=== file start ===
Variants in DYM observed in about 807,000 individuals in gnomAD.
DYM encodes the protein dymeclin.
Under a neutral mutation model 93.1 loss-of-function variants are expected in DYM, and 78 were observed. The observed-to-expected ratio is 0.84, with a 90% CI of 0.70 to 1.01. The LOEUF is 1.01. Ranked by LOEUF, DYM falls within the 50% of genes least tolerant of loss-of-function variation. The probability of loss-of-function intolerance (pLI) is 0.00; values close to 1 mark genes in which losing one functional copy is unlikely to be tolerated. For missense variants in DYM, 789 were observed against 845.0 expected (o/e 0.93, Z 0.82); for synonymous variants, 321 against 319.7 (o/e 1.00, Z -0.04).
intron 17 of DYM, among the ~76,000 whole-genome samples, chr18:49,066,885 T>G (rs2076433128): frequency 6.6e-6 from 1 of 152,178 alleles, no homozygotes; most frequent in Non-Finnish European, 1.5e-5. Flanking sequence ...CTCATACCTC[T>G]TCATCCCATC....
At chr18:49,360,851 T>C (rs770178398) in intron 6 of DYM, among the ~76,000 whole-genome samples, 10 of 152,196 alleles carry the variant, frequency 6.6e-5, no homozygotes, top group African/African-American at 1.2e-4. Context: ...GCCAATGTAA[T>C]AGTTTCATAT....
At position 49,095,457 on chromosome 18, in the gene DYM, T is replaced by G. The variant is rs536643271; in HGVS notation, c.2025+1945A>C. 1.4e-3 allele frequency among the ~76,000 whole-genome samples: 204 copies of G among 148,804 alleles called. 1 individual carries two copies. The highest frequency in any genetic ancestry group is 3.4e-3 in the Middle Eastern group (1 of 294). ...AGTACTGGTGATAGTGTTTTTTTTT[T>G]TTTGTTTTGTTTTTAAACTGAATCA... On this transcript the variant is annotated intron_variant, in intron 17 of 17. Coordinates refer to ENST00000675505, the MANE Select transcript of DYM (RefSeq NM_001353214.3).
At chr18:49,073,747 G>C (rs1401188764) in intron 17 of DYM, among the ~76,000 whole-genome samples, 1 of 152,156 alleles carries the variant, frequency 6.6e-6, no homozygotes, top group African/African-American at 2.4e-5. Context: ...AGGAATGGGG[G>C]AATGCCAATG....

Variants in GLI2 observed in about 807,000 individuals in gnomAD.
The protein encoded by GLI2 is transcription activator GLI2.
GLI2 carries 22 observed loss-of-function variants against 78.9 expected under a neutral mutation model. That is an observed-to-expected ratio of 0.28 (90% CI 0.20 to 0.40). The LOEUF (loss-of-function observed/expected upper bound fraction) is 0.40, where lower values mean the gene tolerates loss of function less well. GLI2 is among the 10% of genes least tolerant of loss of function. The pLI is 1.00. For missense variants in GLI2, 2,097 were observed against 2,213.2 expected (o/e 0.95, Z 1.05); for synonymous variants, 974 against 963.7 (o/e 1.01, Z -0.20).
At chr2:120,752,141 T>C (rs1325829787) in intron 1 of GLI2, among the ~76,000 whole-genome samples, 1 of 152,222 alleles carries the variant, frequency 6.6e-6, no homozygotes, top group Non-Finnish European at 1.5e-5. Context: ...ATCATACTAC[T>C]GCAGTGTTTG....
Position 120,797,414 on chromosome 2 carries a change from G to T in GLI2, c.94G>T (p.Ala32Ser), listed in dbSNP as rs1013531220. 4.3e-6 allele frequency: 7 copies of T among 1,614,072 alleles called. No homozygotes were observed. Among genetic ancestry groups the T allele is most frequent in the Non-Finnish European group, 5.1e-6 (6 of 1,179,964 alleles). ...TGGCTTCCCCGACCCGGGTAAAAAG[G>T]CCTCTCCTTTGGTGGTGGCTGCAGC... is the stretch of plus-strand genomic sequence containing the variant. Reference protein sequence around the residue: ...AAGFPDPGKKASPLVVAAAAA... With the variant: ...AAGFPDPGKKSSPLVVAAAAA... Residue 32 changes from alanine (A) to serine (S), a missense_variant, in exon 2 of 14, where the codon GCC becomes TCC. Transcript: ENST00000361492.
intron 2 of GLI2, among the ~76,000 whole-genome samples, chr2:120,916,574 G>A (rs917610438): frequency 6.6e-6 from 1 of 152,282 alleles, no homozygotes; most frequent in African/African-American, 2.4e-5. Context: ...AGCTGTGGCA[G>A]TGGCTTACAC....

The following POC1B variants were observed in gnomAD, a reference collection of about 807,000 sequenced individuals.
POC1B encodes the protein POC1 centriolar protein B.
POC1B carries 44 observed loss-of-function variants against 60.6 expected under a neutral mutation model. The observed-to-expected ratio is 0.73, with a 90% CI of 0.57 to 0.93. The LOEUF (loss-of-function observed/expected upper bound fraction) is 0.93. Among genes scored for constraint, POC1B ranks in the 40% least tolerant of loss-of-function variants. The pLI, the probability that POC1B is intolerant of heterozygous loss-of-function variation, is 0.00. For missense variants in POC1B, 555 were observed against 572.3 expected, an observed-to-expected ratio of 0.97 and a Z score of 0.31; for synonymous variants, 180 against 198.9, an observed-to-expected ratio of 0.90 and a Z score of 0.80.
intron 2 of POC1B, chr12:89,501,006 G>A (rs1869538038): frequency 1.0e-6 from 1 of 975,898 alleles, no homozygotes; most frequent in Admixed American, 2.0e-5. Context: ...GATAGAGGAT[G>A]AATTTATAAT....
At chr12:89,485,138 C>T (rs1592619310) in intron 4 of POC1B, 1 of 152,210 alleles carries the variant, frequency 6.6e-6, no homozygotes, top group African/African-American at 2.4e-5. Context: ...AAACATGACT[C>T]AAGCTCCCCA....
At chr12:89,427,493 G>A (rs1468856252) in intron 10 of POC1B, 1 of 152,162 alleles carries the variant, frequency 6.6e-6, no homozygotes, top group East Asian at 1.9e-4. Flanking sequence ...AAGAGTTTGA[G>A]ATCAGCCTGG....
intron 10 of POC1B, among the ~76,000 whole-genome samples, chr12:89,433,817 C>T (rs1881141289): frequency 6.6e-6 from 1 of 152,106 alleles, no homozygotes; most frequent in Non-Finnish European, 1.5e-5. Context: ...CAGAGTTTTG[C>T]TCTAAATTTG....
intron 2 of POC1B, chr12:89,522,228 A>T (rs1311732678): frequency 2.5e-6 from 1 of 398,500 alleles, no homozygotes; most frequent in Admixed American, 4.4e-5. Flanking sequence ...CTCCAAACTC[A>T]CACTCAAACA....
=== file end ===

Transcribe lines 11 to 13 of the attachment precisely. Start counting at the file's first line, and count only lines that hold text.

At chr2:120,752,141 T>C (rs1325829787) in intron 1 of GLI2, among the ~76,000 whole-genome samples, 1 of 152,222 alleles carries the variant, frequency 6.6e-6, no homozygotes, top group Non-Finnish European at 1.5e-5. Context: ...ATCATACTAC[T>C]GCAGTGTTTG....
Position 120,797,414 on chromosome 2 carries a change from G to T in GLI2, c.94G>T (p.Ala32Ser), listed in dbSNP as rs1013531220. 4.3e-6 allele frequency: 7 copies of T among 1,614,072 alleles called. No homozygotes were observed. Among genetic ancestry groups the T allele is most frequent in the Non-Finnish European group, 5.1e-6 (6 of 1,179,964 alleles). ...TGGCTTCCCCGACCCGGGTAAAAAG[G>T]CCTCTCCTTTGGTGGTGGCTGCAGC... is the stretch of plus-strand genomic sequence containing the variant. Reference protein sequence around the residue: ...AAGFPDPGKKASPLVVAAAAA... With the variant: ...AAGFPDPGKKSSPLVVAAAAA... Residue 32 changes from alanine (A) to serine (S), a missense_variant, in exon 2 of 14, where the codon GCC becomes TCC. Transcript: ENST00000361492.
intron 2 of GLI2, among the ~76,000 whole-genome samples, chr2:120,916,574 G>A (rs917610438): frequency 6.6e-6 from 1 of 152,282 alleles, no homozygotes; most frequent in African/African-American, 2.4e-5. Context: ...AGCTGTGGCA[G>A]TGGCTTACAC....